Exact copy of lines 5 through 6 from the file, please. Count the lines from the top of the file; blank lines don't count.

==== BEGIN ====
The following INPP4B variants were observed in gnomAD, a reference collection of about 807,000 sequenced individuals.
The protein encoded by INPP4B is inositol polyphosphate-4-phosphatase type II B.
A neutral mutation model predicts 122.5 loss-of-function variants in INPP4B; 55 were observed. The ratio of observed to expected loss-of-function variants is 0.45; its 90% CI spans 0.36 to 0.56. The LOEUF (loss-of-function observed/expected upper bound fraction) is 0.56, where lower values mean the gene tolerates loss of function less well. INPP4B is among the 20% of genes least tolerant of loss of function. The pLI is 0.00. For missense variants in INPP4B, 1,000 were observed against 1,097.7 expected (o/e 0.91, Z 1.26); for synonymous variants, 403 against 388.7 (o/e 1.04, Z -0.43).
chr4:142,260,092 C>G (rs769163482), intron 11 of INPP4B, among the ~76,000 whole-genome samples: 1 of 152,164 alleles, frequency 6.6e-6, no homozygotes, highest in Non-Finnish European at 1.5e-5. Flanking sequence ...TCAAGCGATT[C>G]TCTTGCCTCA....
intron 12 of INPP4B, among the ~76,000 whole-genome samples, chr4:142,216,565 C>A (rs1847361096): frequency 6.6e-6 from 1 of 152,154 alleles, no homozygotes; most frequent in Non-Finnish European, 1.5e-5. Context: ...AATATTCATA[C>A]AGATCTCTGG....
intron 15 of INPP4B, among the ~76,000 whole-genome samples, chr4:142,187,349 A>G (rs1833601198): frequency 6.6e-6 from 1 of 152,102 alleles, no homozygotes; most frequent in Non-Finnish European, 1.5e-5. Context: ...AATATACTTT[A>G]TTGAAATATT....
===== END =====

intron 12 of INPP4B, among the ~76,000 whole-genome samples, chr4:142,216,565 C>A (rs1847361096): frequency 6.6e-6 from 1 of 152,154 alleles, no homozygotes; most frequent in Non-Finnish European, 1.5e-5. Context: ...AATATTCATA[C>A]AGATCTCTGG....
intron 15 of INPP4B, among the ~76,000 whole-genome samples, chr4:142,187,349 A>G (rs1833601198): frequency 6.6e-6 from 1 of 152,102 alleles, no homozygotes; most frequent in Non-Finnish European, 1.5e-5. Context: ...AATATACTTT[A>G]TTGAAATATT....